Could American Roads Benefit from Congestion Tolls?

Congestion tolls have already been implemented in a number of cities, in the United States and abroad, as a way to relieve overcrowded cities of much of their congestion. San Fransisco is considered one of the first, as their one-way toll on the bay bridge in 1968. Today, you’ll find similar tolls in Singapore, London, Stockholm and Seoul, each with their own particular rules, exceptions, and limits. In many cases, the tolls amount to as much as $20 per day, far less than many people might pay for mass transportation into and out of the city.

The reasoning behind congestion tolls in major cities is a simple one. A person who works in a downtown area will have to pay for parking as well as the congestion toll to get to where they intend to go. As these costs can get quite high, that person will be more likely to use public transportation or car pool in order to save costs. This frees up space for tourism because tourists will be less impacted by the fee and will be more able to find parking spaces at popular venues. The result is less crowding in the city, increased opportunities for tourism dollars to flow into the city, and lower smog. Singapore’s system of congestion tolls has been in place since 1975, and though it has undergone numerous incarnations and revamps in its existence, it seems, for the most part, to work when taking Beijing into account, where drivers are required to win a “lottery” for licenses to be able to drive.

An argument for these congestion tolls is the relative increase in population density over time, as well as the large number of people who work in large cities. Combined with slowing funding for major road projects, it’s clear that as more and more of the population drive to work at 8 in the morning, traffic congestion is only going to get worse.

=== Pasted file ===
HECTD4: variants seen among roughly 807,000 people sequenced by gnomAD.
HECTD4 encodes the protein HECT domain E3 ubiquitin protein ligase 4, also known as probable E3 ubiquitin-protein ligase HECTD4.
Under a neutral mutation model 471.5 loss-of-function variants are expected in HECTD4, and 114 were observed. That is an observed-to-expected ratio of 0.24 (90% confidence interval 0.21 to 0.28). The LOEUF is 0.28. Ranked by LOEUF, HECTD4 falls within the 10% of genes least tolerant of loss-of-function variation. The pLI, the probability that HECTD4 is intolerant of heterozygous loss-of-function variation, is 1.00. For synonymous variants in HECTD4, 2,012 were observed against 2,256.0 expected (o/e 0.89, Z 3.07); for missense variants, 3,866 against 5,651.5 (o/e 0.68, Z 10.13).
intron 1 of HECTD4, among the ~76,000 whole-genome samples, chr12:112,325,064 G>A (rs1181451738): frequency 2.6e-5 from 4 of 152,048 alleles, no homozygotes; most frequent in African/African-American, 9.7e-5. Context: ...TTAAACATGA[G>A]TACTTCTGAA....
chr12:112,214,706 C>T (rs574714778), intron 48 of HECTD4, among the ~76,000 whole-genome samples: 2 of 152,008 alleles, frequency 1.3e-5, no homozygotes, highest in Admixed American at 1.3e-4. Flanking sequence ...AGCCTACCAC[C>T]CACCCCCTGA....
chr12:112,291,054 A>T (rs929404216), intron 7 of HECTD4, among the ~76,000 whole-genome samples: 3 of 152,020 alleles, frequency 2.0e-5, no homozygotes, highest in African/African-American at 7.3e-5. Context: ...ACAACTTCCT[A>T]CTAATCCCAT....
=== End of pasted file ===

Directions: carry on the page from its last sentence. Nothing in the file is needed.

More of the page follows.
Arguments against congestion tolls include political promises of reduced taxation, considered a burden on working-class families, and the relative lack of safe, usable mass transportation to outlying suburbs. One example is the Highways surrounding Atlanta, Georgia. Marta train service runs throughout Fulton County, but doesn’t extend much beyond the perimeter highway, 285. Many of the residents of Gwinette and Rockdale county work in the downtown area, causing heavy traffic jams on Interstate 85 and 20.

Could congestion tolls alleviate some of these problems? Possibly. One solution that is being put forth in many areas is that of a HOT lane, or a High Occupancy/Toll lane. This would allow drivers who are by themselves in their cars who wish to use the diamond or high-occupancy lane to pay a toll for the privilege to do so. Drivers with the occupancy to travel in that lane would be exempt from such tolls.

Congestion tolls are in many ways inherently good, but there are also significant drawbacks that have to be considered, as well. While such a toll could potentially be used to improve the failing highway infrastructure in many large cities and boost the use of commuter rail transit, it would still be yet another hit to American wallets at a time when every penny counts.

Motor Trend Magazine: “Car Congestion Pricing: It’ll Cost You to Drive Here”; Todd Lassa; November 2011
U.S. Department of Transportation, Federal Highway Administration: “What is Congestion Pricing?”

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